Wednesday, September 14, 2016

Arizonans to House committee: Border strategy creates 'no man’s lands'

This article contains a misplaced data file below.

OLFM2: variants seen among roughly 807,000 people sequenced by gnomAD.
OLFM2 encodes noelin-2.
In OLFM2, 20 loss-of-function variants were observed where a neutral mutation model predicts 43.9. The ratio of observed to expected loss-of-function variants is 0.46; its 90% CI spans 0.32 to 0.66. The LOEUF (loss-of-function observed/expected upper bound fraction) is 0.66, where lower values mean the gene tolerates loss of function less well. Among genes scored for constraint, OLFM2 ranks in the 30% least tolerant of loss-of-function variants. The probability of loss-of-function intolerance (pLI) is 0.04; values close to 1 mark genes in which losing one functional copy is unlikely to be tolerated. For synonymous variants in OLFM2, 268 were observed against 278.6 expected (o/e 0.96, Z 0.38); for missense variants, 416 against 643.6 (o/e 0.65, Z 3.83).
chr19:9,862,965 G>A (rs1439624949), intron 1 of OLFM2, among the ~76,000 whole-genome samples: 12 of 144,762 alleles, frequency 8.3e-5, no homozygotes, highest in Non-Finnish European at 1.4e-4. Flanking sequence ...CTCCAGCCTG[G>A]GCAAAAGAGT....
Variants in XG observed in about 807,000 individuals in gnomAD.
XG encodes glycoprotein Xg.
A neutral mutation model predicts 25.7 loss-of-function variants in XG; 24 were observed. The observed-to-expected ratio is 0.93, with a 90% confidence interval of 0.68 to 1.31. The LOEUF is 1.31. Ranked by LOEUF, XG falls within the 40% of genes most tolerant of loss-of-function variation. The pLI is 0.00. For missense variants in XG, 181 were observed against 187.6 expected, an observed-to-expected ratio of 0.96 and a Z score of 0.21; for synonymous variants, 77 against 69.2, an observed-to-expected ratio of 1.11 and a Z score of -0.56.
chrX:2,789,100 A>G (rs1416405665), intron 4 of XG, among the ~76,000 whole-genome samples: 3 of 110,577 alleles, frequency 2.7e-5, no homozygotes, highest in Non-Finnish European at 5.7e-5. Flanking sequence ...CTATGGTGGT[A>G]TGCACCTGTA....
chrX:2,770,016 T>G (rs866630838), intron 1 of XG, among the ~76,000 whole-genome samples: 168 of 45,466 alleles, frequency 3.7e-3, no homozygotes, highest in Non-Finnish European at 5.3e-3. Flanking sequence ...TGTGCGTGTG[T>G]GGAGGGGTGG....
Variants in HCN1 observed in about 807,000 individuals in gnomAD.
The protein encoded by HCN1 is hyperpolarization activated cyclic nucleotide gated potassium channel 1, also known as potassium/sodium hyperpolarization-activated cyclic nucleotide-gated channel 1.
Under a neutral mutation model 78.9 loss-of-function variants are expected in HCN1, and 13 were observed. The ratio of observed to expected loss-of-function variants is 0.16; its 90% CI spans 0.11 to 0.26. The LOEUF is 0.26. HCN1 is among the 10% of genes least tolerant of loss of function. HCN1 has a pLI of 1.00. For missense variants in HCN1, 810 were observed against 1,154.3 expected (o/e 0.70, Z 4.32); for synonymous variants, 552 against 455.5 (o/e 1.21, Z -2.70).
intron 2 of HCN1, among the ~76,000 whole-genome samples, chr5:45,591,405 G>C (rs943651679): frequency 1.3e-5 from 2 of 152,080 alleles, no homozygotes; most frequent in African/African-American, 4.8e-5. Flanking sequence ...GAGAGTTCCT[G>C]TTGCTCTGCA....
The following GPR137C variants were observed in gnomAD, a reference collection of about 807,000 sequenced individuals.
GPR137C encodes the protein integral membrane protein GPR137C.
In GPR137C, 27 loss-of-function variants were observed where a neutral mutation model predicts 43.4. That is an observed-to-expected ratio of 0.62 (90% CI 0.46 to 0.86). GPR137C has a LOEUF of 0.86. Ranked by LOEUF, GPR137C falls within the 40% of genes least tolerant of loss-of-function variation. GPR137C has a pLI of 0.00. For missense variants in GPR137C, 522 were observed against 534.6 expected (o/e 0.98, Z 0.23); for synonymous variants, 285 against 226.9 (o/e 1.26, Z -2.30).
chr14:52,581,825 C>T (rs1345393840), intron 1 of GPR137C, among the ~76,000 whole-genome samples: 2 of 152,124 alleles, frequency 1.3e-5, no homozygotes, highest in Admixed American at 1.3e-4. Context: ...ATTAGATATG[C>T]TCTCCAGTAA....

Rep. Martha McSally used the border subcommittee she now chairs as well as witnesses from rural Arizona on Tuesday to call attention to a Border Patrol strategy that they say devastates their land and puts lives at risk. The Border Patrol strategy, called “defense-in-depth,” focuses resources on urban areas along the border but moves checkpoints in rural areas to miles inside the border. That, the Tucson Republican said, has pushed illegal crossings to rural areas like the southern border of her congressional district. “On a routine basis, our fellow citizens are exposed to illicit activity that crosses the border, trespasses on their land, destroys their property and puts their lives at risk,” McSally said at a hearing of the House Homeland Security Committee’s Border and Maritime Security Subcommittee. She said the policy hurts small businesses and tourism and needs to be re-examined. Peggy Davis’ family ranch is 12 miles southeast of Tombstone and 25 miles north of the Mexican border. She said illegal immigrants have “cut fences, drained water tanks, killed animals, robbed our home, slept in our barn, stole a vehicle, trampled the grass for our cattle, and left literally tons of trash.” Davis said she told the head of the Border Patrol who came up with the defense-in-depth strategy it was “the dumbest idea I had ever heard.” “This failed strategy has forced illegal aliens into the rural areas of Arizona where ranchers and other rural residents have become the first line of defense because the majority of the Border Patrol agents are north of where we live,” she said. Davis said her husband found the body of a drug runner on their ranch in July 2012. And she said her son was robbed by drug traffickers who even pried up the boards on the floor of his house and used his electric clippers to cut their hair. They left their hair on the floor, the county sheriff told Davis, as a sign that they could come and go as they pleased...more

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